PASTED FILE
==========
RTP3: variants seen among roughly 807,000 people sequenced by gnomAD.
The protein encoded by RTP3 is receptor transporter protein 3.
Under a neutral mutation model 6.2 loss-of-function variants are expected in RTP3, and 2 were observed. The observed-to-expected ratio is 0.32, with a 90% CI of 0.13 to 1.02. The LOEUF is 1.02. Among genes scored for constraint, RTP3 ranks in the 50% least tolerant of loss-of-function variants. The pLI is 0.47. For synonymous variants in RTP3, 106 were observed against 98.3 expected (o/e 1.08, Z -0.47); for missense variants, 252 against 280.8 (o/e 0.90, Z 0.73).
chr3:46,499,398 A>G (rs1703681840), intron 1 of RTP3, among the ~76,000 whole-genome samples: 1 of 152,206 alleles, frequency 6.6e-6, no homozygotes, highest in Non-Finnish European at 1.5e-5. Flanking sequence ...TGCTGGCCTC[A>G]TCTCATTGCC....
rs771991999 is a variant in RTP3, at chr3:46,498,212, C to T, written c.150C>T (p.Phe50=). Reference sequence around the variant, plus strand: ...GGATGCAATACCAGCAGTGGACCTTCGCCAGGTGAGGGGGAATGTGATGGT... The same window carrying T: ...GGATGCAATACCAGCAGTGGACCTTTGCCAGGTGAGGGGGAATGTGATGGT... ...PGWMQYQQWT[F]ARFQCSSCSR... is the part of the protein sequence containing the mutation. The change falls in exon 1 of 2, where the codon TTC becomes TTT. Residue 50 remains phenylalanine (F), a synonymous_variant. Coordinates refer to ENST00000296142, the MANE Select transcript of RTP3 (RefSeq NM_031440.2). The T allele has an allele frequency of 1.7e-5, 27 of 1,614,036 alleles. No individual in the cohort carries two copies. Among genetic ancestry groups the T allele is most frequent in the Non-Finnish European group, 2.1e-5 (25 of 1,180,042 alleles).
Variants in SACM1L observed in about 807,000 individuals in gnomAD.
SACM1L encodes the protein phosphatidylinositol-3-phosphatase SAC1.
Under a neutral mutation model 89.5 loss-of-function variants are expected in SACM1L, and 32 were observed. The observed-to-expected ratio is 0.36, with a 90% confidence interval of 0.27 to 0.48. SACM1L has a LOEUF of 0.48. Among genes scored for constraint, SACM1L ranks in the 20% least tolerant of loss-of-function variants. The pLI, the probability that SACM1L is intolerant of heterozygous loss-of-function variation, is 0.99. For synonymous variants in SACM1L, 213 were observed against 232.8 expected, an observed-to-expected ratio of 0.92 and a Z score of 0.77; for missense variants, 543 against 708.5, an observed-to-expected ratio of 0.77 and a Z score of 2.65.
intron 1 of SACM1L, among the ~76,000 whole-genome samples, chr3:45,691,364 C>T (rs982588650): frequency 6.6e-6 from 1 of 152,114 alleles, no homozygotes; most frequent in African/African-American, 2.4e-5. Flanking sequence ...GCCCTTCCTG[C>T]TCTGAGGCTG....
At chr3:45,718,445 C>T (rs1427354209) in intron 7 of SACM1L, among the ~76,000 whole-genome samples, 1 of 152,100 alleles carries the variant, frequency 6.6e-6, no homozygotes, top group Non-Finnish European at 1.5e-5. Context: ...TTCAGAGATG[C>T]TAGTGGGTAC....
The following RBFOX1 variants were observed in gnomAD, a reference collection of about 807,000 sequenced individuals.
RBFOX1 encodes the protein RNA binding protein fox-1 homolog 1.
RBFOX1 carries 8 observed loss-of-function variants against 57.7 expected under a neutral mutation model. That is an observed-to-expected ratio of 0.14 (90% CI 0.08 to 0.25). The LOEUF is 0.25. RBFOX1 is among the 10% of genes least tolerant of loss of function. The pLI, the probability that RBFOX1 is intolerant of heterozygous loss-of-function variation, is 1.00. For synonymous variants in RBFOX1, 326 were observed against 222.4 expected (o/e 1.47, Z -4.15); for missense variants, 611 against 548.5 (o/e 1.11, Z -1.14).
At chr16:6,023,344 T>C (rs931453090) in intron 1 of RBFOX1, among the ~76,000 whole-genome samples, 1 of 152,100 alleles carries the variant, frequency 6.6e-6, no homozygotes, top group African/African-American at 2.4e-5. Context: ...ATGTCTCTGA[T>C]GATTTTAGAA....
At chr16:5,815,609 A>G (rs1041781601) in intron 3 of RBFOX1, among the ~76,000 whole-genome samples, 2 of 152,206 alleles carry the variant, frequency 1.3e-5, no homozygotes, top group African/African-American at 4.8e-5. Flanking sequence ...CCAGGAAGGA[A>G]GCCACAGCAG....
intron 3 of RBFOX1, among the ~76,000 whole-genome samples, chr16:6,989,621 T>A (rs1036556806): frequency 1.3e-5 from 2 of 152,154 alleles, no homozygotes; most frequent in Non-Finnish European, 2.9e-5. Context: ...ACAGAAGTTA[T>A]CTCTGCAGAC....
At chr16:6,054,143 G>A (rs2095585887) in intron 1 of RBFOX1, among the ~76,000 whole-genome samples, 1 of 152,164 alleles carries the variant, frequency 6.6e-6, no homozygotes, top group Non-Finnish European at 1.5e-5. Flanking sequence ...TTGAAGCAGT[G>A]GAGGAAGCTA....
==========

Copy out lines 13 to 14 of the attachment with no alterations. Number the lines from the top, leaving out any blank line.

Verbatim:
RBFOX1 carries 8 observed loss-of-function variants against 57.7 expected under a neutral mutation model. That is an observed-to-expected ratio of 0.14 (90% CI 0.08 to 0.25). The LOEUF is 0.25. RBFOX1 is among the 10% of genes least tolerant of loss of function. The pLI, the probability that RBFOX1 is intolerant of heterozygous loss-of-function variation, is 1.00. For synonymous variants in RBFOX1, 326 were observed against 222.4 expected (o/e 1.47, Z -4.15); for missense variants, 611 against 548.5 (o/e 1.11, Z -1.14).
At chr16:6,023,344 T>C (rs931453090) in intron 1 of RBFOX1, among the ~76,000 whole-genome samples, 1 of 152,100 alleles carries the variant, frequency 6.6e-6, no homozygotes, top group African/African-American at 2.4e-5. Context: ...ATGTCTCTGA[T>C]GATTTTAGAA....